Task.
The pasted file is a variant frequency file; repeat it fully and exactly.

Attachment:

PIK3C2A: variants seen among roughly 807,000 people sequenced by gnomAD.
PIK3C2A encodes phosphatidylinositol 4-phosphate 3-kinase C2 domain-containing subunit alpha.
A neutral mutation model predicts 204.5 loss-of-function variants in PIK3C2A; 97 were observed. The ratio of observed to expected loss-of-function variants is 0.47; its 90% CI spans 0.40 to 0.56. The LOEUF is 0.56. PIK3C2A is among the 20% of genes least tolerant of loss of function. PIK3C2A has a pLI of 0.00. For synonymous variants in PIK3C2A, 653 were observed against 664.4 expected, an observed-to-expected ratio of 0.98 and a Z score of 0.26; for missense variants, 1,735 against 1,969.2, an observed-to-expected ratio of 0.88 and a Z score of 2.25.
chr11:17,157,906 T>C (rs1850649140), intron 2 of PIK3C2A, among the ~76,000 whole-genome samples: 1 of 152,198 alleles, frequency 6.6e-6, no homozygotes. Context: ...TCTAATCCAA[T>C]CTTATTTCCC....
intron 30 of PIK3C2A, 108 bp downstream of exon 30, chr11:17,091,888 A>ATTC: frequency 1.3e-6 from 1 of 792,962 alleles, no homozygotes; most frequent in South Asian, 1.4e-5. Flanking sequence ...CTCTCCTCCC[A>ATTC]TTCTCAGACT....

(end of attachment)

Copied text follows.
PIK3C2A: variants seen among roughly 807,000 people sequenced by gnomAD.
PIK3C2A encodes phosphatidylinositol 4-phosphate 3-kinase C2 domain-containing subunit alpha.
A neutral mutation model predicts 204.5 loss-of-function variants in PIK3C2A; 97 were observed. The ratio of observed to expected loss-of-function variants is 0.47; its 90% CI spans 0.40 to 0.56. The LOEUF is 0.56. PIK3C2A is among the 20% of genes least tolerant of loss of function. PIK3C2A has a pLI of 0.00. For synonymous variants in PIK3C2A, 653 were observed against 664.4 expected, an observed-to-expected ratio of 0.98 and a Z score of 0.26; for missense variants, 1,735 against 1,969.2, an observed-to-expected ratio of 0.88 and a Z score of 2.25.
chr11:17,157,906 T>C (rs1850649140), intron 2 of PIK3C2A, among the ~76,000 whole-genome samples: 1 of 152,198 alleles, frequency 6.6e-6, no homozygotes. Context: ...TCTAATCCAA[T>C]CTTATTTCCC....
intron 30 of PIK3C2A, 108 bp downstream of exon 30, chr11:17,091,888 A>ATTC: frequency 1.3e-6 from 1 of 792,962 alleles, no homozygotes; most frequent in South Asian, 1.4e-5. Flanking sequence ...CTCTCCTCCC[A>ATTC]TTCTCAGACT....